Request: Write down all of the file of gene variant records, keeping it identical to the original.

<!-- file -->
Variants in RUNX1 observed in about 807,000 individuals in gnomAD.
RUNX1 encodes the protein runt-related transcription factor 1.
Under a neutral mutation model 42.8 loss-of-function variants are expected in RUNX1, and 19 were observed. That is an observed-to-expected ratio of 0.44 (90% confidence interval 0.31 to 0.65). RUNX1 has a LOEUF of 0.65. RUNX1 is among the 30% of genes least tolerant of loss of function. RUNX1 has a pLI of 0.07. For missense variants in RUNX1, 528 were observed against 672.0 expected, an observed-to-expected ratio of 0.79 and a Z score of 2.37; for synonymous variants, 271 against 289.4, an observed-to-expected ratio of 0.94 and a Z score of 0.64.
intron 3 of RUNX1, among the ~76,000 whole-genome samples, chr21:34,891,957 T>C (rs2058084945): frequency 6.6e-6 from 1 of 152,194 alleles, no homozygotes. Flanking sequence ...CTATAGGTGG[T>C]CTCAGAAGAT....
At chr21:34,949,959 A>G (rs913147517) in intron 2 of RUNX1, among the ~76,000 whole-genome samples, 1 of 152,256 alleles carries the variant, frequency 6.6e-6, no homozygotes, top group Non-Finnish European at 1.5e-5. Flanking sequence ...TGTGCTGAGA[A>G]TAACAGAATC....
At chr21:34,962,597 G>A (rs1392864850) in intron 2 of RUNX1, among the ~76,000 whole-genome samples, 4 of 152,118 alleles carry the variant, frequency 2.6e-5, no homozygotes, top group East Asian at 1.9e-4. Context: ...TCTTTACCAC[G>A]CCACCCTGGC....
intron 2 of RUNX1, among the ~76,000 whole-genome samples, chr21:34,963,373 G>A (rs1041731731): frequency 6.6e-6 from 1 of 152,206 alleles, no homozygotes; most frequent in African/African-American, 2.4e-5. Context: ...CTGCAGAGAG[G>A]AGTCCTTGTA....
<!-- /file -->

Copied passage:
Variants in RUNX1 observed in about 807,000 individuals in gnomAD.
RUNX1 encodes the protein runt-related transcription factor 1.
Under a neutral mutation model 42.8 loss-of-function variants are expected in RUNX1, and 19 were observed. That is an observed-to-expected ratio of 0.44 (90% confidence interval 0.31 to 0.65). RUNX1 has a LOEUF of 0.65. RUNX1 is among the 30% of genes least tolerant of loss of function. RUNX1 has a pLI of 0.07. For missense variants in RUNX1, 528 were observed against 672.0 expected, an observed-to-expected ratio of 0.79 and a Z score of 2.37; for synonymous variants, 271 against 289.4, an observed-to-expected ratio of 0.94 and a Z score of 0.64.
intron 3 of RUNX1, among the ~76,000 whole-genome samples, chr21:34,891,957 T>C (rs2058084945): frequency 6.6e-6 from 1 of 152,194 alleles, no homozygotes. Flanking sequence ...CTATAGGTGG[T>C]CTCAGAAGAT....
At chr21:34,949,959 A>G (rs913147517) in intron 2 of RUNX1, among the ~76,000 whole-genome samples, 1 of 152,256 alleles carries the variant, frequency 6.6e-6, no homozygotes, top group Non-Finnish European at 1.5e-5. Flanking sequence ...TGTGCTGAGA[A>G]TAACAGAATC....
At chr21:34,962,597 G>A (rs1392864850) in intron 2 of RUNX1, among the ~76,000 whole-genome samples, 4 of 152,118 alleles carry the variant, frequency 2.6e-5, no homozygotes, top group East Asian at 1.9e-4. Context: ...TCTTTACCAC[G>A]CCACCCTGGC....
intron 2 of RUNX1, among the ~76,000 whole-genome samples, chr21:34,963,373 G>A (rs1041731731): frequency 6.6e-6 from 1 of 152,206 alleles, no homozygotes; most frequent in African/African-American, 2.4e-5. Context: ...CTGCAGAGAG[G>A]AGTCCTTGTA....